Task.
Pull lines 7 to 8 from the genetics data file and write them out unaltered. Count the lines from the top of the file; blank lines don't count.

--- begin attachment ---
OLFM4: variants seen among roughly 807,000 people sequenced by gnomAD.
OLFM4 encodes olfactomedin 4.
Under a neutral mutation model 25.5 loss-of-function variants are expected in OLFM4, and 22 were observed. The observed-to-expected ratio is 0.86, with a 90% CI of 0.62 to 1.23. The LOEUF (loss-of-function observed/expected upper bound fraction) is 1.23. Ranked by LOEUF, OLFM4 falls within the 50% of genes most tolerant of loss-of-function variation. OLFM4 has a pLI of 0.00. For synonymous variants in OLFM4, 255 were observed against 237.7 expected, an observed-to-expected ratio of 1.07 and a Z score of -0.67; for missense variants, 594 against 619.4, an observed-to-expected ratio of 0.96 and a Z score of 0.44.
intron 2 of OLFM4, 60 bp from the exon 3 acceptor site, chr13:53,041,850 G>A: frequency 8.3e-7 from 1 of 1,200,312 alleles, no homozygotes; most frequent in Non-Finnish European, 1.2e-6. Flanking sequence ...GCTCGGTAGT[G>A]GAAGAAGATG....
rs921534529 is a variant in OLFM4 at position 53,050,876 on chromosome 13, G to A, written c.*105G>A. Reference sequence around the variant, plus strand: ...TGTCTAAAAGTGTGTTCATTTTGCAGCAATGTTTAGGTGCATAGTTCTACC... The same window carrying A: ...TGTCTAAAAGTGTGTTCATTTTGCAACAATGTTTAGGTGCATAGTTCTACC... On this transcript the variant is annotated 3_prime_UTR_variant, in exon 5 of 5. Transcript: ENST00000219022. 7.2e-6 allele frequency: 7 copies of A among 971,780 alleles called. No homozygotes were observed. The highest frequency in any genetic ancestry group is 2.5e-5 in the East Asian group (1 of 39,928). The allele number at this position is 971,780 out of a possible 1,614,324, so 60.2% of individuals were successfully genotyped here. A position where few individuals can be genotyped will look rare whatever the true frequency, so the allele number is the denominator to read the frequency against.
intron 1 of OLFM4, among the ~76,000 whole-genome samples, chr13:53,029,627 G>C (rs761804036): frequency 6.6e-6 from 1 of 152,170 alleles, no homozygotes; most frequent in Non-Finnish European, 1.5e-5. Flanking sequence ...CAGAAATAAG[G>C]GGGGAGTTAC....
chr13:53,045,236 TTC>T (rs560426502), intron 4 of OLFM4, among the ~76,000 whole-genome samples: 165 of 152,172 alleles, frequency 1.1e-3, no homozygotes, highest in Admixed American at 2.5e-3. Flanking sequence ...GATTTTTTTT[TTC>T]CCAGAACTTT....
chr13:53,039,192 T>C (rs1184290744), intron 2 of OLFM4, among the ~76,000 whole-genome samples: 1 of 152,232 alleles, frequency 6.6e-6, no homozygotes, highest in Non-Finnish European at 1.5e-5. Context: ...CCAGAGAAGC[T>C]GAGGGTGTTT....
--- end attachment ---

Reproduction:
chr13:53,045,236 TTC>T (rs560426502), intron 4 of OLFM4, among the ~76,000 whole-genome samples: 165 of 152,172 alleles, frequency 1.1e-3, no homozygotes, highest in Admixed American at 2.5e-3. Flanking sequence ...GATTTTTTTT[TTC>T]CCAGAACTTT....
chr13:53,039,192 T>C (rs1184290744), intron 2 of OLFM4, among the ~76,000 whole-genome samples: 1 of 152,232 alleles, frequency 6.6e-6, no homozygotes, highest in Non-Finnish European at 1.5e-5. Context: ...CCAGAGAAGC[T>C]GAGGGTGTTT....